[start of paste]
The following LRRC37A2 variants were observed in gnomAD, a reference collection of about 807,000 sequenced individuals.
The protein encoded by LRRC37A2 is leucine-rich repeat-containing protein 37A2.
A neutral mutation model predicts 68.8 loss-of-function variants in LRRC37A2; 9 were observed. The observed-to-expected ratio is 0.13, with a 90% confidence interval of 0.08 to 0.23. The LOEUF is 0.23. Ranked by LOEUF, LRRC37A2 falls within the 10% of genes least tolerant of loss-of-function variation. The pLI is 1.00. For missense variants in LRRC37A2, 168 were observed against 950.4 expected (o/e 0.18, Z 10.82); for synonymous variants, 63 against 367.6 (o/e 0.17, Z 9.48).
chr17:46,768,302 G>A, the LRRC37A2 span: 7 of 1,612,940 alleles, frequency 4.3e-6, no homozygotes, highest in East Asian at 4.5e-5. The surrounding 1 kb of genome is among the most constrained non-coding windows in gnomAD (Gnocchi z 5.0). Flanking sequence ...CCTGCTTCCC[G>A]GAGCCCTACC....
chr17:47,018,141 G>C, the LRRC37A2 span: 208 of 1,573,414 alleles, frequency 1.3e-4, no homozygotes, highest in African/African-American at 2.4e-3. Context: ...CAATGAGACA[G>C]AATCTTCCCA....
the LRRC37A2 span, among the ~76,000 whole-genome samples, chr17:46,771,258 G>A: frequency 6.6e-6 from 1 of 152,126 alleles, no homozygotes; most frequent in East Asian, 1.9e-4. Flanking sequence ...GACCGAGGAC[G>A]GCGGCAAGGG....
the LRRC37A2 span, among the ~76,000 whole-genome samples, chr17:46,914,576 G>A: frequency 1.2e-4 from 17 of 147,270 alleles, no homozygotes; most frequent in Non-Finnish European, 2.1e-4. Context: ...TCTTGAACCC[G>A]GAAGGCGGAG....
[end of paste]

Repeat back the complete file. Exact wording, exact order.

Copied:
The following LRRC37A2 variants were observed in gnomAD, a reference collection of about 807,000 sequenced individuals.
The protein encoded by LRRC37A2 is leucine-rich repeat-containing protein 37A2.
A neutral mutation model predicts 68.8 loss-of-function variants in LRRC37A2; 9 were observed. The observed-to-expected ratio is 0.13, with a 90% confidence interval of 0.08 to 0.23. The LOEUF is 0.23. Ranked by LOEUF, LRRC37A2 falls within the 10% of genes least tolerant of loss-of-function variation. The pLI is 1.00. For missense variants in LRRC37A2, 168 were observed against 950.4 expected (o/e 0.18, Z 10.82); for synonymous variants, 63 against 367.6 (o/e 0.17, Z 9.48).
chr17:46,768,302 G>A, the LRRC37A2 span: 7 of 1,612,940 alleles, frequency 4.3e-6, no homozygotes, highest in East Asian at 4.5e-5. The surrounding 1 kb of genome is among the most constrained non-coding windows in gnomAD (Gnocchi z 5.0). Flanking sequence ...CCTGCTTCCC[G>A]GAGCCCTACC....
chr17:47,018,141 G>C, the LRRC37A2 span: 208 of 1,573,414 alleles, frequency 1.3e-4, no homozygotes, highest in African/African-American at 2.4e-3. Context: ...CAATGAGACA[G>C]AATCTTCCCA....
the LRRC37A2 span, among the ~76,000 whole-genome samples, chr17:46,771,258 G>A: frequency 6.6e-6 from 1 of 152,126 alleles, no homozygotes; most frequent in East Asian, 1.9e-4. Flanking sequence ...GACCGAGGAC[G>A]GCGGCAAGGG....
the LRRC37A2 span, among the ~76,000 whole-genome samples, chr17:46,914,576 G>A: frequency 1.2e-4 from 17 of 147,270 alleles, no homozygotes; most frequent in Non-Finnish European, 2.1e-4. Context: ...TCTTGAACCC[G>A]GAAGGCGGAG....